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Review: Cherry Crush (Cassidy)

AUTHOR: Cathy Cassidy
SERIES: The Chocolate Box Girls, book 1
ISBN: 9780141384795
PAGES: 272
SOURCE: my library
GENRE: Chick Lit, Romance, Realistic Fiction
SETTING: Glasgow, Scotland and Somerset, England; present-day
GIVE IT TO: MS girls

SUMMARY: Thirteen-year old Cherry lives with her father in a rundown apartment in Glasgow, Scotland. Having no friends at school and only her father at home, Cherry is lonely and sad. But things start looking up when Cherry’s dad rekindles a past relationship with a woman from Somerset, England. Charlotte runs a bed and breakfast with her four daughters, and Cherry and her father have been invited to move to Somerset to help run the family business. Suddenly, Cherry has an instant mother and four sisters to keep her company.

REVIEW: I don’t think I would have picked up Cherry Crush on my own, so I am very happy that one of my students recommended it to me!

This book is so much deeper than it looks. I thought it would be a cute-but-predictable romance with some stepfamily drama, but there is far more going on than meets the eye. While there are romance and family issues, Cherry Crush deals with these and other themes in a realistic way. There are no easy answers, and the conflicts are multi-layered. Nothing is resolved overnight, and most of the conflicts presented will continue in subsequent books. In this way, it mirrors real-life problems that many preteen and teen readers will relate to.

The characters–particularly Cherry and her four unofficial stepsisters–are clearly drawn. Each has her own unique personality, and I am happy that each girl gets her own book in the series.

I liked the ending as well. Some conflicts are resolved or semi-resolved, but other situations are complicated and need more than one book to play out. This book felt like real life, and I look forward to seeing what happens to these girls as they grow older.

THEMES: divorce, blended families, growing up without a mother, absent parent, sisters, jealousy, a child’s lack of control over parents’ decisions, loneliness, telling lies, running a family business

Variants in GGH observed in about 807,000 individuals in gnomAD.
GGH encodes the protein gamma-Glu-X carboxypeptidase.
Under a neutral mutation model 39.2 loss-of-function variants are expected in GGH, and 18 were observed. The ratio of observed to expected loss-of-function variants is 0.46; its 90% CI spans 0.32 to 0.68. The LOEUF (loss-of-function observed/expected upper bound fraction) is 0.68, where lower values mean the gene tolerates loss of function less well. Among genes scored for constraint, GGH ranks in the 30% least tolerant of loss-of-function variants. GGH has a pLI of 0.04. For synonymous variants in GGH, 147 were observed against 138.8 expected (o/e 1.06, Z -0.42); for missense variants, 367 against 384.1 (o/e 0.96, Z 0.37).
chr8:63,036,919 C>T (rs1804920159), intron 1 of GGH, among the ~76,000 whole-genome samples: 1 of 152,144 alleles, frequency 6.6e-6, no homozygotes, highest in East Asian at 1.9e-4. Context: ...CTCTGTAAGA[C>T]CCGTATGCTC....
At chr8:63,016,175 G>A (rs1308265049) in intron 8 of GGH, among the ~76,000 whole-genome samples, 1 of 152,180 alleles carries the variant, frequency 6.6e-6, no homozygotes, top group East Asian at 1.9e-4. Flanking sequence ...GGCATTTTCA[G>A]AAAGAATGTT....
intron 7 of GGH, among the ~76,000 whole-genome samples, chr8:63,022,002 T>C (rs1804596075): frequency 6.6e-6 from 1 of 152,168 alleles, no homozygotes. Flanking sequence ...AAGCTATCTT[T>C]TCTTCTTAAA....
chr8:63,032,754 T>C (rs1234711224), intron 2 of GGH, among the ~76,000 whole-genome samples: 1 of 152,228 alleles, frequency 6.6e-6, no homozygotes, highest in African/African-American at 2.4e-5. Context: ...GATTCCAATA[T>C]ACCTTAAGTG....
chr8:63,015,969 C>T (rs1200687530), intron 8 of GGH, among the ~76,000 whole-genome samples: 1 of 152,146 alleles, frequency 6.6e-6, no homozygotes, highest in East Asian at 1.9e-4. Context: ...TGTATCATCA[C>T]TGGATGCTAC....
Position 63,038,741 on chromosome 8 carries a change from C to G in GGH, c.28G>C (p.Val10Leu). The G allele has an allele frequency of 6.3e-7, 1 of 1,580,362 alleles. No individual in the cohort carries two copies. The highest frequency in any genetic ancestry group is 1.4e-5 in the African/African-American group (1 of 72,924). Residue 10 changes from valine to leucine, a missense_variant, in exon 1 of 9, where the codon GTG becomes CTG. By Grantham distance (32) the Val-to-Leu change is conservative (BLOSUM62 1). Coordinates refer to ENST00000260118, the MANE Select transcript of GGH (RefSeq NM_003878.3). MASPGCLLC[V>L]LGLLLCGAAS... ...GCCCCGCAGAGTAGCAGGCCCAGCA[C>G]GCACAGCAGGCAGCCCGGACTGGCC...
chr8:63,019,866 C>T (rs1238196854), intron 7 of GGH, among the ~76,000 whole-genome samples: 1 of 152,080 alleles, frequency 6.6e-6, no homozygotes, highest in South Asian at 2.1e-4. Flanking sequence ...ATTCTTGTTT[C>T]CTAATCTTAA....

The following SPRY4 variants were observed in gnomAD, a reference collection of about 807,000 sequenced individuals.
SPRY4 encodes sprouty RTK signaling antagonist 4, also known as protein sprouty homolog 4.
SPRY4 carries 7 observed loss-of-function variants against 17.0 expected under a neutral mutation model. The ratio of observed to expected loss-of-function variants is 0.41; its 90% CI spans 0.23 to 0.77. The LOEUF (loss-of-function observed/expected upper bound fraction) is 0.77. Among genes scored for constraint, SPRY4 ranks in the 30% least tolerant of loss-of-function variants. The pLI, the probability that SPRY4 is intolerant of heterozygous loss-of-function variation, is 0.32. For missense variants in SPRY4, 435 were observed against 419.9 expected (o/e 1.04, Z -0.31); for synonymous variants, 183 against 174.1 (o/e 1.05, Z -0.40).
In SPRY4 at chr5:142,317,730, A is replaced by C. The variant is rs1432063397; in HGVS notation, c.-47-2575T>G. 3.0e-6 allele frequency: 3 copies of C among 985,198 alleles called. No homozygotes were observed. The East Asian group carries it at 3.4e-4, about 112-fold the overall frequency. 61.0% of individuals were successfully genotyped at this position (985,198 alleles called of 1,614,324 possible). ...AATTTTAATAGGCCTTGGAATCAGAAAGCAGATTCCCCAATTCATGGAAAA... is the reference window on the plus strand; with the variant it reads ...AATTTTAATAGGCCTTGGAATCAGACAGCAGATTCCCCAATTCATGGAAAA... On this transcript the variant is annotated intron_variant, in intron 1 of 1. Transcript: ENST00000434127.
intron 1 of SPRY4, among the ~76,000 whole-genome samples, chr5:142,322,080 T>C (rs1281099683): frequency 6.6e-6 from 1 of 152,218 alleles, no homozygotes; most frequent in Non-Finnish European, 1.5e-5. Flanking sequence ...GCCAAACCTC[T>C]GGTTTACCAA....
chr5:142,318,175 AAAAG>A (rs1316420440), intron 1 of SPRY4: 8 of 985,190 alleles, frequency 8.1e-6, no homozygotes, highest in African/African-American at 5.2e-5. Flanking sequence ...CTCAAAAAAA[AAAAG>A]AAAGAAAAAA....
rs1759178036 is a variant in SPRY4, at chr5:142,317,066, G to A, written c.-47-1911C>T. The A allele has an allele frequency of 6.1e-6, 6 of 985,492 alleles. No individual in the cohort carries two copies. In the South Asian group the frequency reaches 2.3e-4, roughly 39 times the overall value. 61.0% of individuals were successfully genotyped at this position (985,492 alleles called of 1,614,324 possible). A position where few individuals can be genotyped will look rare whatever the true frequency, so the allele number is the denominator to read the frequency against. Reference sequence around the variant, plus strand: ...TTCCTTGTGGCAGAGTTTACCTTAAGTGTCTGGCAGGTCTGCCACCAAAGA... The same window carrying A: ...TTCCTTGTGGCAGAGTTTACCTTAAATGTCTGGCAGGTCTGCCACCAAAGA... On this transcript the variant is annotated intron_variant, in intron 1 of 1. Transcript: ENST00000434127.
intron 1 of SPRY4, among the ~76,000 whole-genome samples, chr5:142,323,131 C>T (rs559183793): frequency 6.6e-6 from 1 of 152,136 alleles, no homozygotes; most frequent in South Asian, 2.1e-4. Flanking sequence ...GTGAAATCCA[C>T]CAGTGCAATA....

THE BOTTOM LINE: There is more here than meets the eye. Cherry Crush is an engaging story that I recommend highly for any library serving teens and preteens.

STATUS IN MY LIBRARY: We only have the first book, Cherry Crush. I just ordered the other five books in the series, and I am keeping my fingers crossed that they are not out-of-print already. I see that they are available as a paperback set on Amazon and on Kindle. For librarians, Follett does list them as of today, but they are UK dispatch. I know I can get these at my school here in China, but I’m not sure how this works for American, Canadian, and Australian school libraries.


  • Overall: 5/5
  • Creativity: 5/5
  • Characters: 5/5
  • Engrossing: 5/5
  • Writing: 5/5
  • Appeal to teens: 5/5–will mainly appeal to girls
  • Appropriate length to tell the story: 5/5


  • Language: none
  • Sexuality: mild; one mild kiss, hand-holding
  • Violence: mild; I wondered if Cherry’s love interest was being physically abused at home
  • Drugs/Alcohol: none


  • Baker and Taylor has more British titles than Follett, but they are usually paperback. I love Cassidy, but very little of her work is available in the US. Have you read much Jacqueline Wilson? Similar in style and topic, and a little easier to obtain.

    • Thank you for that update! It's too bad that Cassidy's books are more difficult to obtain in the US. Jacqueline Wilson is hugely popular at my school, also, especially with my 6th and 7th grade girls.


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